Range hood duct to roof vent, which direction?

Reply

  #1  
Old 11-01-19, 04:19 PM
Mixdplate's Avatar
Member
Thread Starter
Join Date: Oct 2014
Location: USA
Posts: 58
Received 0 Votes on 0 Posts
Range hood duct to roof vent, which direction?

Installing a range hood with 7" rigid duct to vent out through the attic, as well as venting out a 4" bath duct that I found exhausting to attic. Does it matter which direction the duct fits into the vent on the roof? From the "few" videos I've seen, the duct is pushed through the roof, and snipped to form tabs. The tabs are bent to the outside of the roof and nailed in place, basically self supporting the duct. The roof vent is then dropped down in to the duct and sealed.

The local big box store did not have a 7" roof vent and I'm not impressed with the quality of what they offered anyway. Ended up ordering both vents from a reputable company online (Luxury Metals). While I'm very pleased with the quality of the vents, they do not fit in to the duct as they are equal in size. Is it ok to reverse the configuration and crimp the ends of the duct to fit up and in to the roof vent? Does it matter which way they fit into each other?

Thanks in advance!
 
Sponsored Links

Popular Reply

 
11-02-19, 03:15 PM
Pilot Dane
Pilot Dane is offline
Group Moderator
Join Date: Mar 2003
Location: NC, USA
Posts: 21,377
Received 296 Votes on 270 Posts
The important thing with stove vent ducting is that it is galvanized steel, not aluminum or plastic. Seams should be taped with aluminum duct tape to make them air tight. This is to help contain a fire. Bathroom vent ducting can be almost anything you want.
 
  #2  
Old 11-02-19, 05:33 AM
Group Moderator
Join Date: Mar 2003
Location: NC, USA
Posts: 21,377
Received 296 Votes on 270 Posts
You can not connect the stove vent and bath vent. They each need to pass through the roof separately.

I have never seen 7" rigid duct. I have only seen even sizes like 4", 6", 8" and 10". I would make certain you need 7" as that's an odd one. Small range vent hoods might use 6" while higher powered or premium ones usually need 10".
 
  #3  
Old 11-02-19, 08:31 AM
Mixdplate's Avatar
Member
Thread Starter
Join Date: Oct 2014
Location: USA
Posts: 58
Received 0 Votes on 0 Posts
The stove and bath are completely separate. Sorry if I worded this wrong. The Broan 30" hood vent instructions state a 7" duct. Which we are running up through attic and out the roof.

The bath fan was installed previously and we found it vents in the attic. We are adding 4" rigid duct to extend it out the roof.

The roof vents I ordered do not fit into the ducts. Does it matter which way the ducts and vents fit into each other?
 
  #4  
Old 11-02-19, 08:57 AM
Forum Topic Moderator
Join Date: Sep 2005
Location: USA
Posts: 4,769
Received 33 Votes on 32 Posts
All things being equal, I would rather crimp the duct so it fits into the roof vent. This allows the air to move smoothly without hitting the edge of the crimped vent.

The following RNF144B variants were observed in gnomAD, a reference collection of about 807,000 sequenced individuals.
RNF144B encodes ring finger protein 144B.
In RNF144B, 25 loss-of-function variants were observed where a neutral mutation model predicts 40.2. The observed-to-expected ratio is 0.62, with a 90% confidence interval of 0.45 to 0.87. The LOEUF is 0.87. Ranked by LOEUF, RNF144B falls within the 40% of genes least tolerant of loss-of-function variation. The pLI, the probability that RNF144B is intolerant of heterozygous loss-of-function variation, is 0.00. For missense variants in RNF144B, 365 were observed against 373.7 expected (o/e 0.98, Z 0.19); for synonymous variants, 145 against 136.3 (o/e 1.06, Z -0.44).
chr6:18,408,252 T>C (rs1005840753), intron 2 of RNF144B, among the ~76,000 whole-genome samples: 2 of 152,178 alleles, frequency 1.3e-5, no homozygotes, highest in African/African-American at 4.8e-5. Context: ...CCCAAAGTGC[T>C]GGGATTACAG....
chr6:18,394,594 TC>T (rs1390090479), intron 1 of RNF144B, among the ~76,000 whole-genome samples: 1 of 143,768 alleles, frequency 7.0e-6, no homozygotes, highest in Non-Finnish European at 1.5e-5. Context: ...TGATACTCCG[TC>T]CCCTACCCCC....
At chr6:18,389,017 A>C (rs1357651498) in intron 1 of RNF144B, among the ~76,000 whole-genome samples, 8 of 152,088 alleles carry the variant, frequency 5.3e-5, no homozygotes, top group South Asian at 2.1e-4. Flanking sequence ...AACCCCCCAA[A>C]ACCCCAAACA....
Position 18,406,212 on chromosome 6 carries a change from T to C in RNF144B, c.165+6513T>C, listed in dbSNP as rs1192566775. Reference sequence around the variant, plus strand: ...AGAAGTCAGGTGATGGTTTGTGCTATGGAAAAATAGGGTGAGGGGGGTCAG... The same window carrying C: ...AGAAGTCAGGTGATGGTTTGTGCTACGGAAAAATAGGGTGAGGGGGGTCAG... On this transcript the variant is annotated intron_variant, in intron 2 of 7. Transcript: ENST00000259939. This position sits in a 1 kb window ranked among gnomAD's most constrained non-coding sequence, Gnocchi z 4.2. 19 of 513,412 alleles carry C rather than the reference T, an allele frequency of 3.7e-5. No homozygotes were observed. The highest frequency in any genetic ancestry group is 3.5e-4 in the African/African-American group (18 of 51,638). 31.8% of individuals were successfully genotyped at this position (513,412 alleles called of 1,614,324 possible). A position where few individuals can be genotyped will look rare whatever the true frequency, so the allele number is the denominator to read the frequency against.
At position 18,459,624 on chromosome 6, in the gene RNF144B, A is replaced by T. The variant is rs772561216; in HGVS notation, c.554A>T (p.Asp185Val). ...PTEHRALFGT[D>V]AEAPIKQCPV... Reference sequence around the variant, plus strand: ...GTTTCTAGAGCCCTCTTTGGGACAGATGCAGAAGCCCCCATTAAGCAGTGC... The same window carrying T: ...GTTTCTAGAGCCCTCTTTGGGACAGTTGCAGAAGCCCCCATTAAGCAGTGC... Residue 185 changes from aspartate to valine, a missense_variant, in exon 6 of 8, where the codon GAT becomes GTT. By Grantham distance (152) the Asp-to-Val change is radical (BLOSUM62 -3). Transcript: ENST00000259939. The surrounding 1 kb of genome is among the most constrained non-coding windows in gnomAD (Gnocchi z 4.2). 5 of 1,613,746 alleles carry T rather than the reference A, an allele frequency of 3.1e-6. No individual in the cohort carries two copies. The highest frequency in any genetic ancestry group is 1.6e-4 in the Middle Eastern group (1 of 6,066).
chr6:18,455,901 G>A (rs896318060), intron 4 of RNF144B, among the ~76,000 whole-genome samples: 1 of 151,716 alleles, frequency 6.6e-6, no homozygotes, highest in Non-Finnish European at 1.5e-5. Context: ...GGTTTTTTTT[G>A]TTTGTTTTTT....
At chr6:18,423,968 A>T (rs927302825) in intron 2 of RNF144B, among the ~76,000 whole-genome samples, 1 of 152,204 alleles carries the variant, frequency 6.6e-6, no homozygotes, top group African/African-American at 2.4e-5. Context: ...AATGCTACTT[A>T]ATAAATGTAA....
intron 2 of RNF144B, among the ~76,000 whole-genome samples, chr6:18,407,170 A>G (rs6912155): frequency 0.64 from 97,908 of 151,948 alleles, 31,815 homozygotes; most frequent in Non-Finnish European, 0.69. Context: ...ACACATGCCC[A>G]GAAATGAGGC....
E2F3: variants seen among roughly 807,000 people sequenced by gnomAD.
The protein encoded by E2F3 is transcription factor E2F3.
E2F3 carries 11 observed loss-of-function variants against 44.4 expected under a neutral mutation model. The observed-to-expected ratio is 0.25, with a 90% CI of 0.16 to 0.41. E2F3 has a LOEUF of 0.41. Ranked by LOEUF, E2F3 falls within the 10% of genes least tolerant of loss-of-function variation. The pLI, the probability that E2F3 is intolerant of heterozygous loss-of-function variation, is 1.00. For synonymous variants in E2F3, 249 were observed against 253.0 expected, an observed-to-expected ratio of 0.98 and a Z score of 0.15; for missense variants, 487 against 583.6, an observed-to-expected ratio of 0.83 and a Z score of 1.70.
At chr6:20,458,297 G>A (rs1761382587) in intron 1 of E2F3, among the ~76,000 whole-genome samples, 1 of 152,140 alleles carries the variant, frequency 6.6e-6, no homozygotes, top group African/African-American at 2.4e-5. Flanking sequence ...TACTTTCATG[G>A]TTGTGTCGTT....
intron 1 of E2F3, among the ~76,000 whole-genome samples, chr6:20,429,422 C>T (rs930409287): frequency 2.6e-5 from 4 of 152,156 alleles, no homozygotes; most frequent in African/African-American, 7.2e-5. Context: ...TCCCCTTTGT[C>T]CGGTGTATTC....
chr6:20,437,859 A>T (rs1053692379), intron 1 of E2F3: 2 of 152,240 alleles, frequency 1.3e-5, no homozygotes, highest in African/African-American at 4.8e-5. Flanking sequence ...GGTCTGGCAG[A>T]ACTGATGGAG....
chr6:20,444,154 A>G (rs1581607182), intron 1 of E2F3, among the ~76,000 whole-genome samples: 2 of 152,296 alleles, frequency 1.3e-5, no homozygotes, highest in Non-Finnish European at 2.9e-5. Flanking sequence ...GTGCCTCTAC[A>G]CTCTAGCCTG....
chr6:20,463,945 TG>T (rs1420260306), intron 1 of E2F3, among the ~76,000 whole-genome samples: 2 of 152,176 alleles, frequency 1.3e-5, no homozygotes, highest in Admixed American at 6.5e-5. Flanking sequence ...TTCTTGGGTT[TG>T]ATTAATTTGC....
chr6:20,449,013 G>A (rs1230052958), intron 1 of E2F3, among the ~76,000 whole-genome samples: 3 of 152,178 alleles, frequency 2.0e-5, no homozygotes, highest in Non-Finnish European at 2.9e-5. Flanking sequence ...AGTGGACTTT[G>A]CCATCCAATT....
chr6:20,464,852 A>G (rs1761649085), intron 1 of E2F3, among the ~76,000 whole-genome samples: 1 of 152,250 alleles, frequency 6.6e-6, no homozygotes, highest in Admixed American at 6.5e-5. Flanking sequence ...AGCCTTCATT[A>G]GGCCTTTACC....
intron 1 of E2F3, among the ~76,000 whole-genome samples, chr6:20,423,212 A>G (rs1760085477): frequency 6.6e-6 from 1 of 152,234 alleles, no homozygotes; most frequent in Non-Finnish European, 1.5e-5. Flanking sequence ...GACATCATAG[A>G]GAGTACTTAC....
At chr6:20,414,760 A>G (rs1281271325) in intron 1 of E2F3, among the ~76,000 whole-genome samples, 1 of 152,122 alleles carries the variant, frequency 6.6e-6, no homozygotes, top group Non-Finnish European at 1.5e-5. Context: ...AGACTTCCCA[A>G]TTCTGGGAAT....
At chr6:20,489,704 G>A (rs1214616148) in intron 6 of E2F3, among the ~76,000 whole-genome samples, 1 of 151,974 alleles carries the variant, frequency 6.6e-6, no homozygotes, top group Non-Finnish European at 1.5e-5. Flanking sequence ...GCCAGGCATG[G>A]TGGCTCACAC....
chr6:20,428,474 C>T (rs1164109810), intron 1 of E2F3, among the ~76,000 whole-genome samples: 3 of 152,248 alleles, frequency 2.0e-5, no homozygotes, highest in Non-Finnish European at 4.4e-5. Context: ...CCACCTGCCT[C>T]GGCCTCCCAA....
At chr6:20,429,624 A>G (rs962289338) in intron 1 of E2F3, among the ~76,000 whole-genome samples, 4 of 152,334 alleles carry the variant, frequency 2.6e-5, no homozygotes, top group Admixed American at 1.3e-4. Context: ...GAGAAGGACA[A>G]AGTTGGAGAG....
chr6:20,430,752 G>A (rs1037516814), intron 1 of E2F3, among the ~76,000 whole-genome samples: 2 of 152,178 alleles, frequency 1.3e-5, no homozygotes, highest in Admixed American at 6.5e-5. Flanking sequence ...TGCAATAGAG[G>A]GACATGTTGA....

It's important for dryer vents, as you don't want lint getting caught, but for an exhaust vent, it really doesn't matter.
 
Mixdplate voted this post useful.
  #5  
Old 11-02-19, 03:15 PM
Group Moderator
Join Date: Mar 2003
Location: NC, USA
Posts: 21,377
Received 296 Votes on 270 Posts
The important thing with stove vent ducting is that it is galvanized steel, not aluminum or plastic. Seams should be taped with aluminum duct tape to make them air tight. This is to help contain a fire. Bathroom vent ducting can be almost anything you want.
 
Mixdplate, Zorfdt voted this post useful.
  #6  
Old 11-02-19, 05:09 PM
Mixdplate's Avatar
Member
Thread Starter
Join Date: Oct 2014
Location: USA
Posts: 58
Received 0 Votes on 0 Posts
Zorfdt - Thank you! Worked out well with crimped end of duct into roof.
 
  #7  
Old 11-02-19, 05:15 PM
Mixdplate's Avatar
Member
Thread Starter
Join Date: Oct 2014
Location: USA
Posts: 58
Received 0 Votes on 0 Posts
Pilot Dane - Thank you, the roof vents and the duct for the bathroom are definitely galvanized. The range duct is whatever the local big box store carried, which I believe is aluminum as it is not as sturdy as the bathroom duct. All ducts are sealed with foil tape and gaps will be sealed tomorrow with fireblock caulk.
 
  #8  
Old 11-02-19, 06:26 PM
Member
Join Date: Mar 2019
Location: USA
Posts: 71
Received 8 Votes on 8 Posts
Don't forget to insulate the ducts in the attic with R8 foil-faced duct insulation. Also a good idea to spray foam around where the duct enters the attic to prevent air movement.
 
  #9  
Old 11-06-19, 08:51 PM
Mixdplate's Avatar
Member
Thread Starter
Join Date: Oct 2014
Location: USA
Posts: 58
Received 0 Votes on 0 Posts
Dan1973 - That's our plan! Thank you.
 
Reply

Posting Rules
You may not post new threads
You may not post replies
You may not post attachments
You may not edit your posts

BB code is On
Smilies are On
[IMG] code is On
HTML code is Off
Trackbacks are Off
Pingbacks are Off
Refbacks are Off


Thread Tools
Search this Thread
 
Ask a Question
Question Title:
Description:
Your question will be posted in: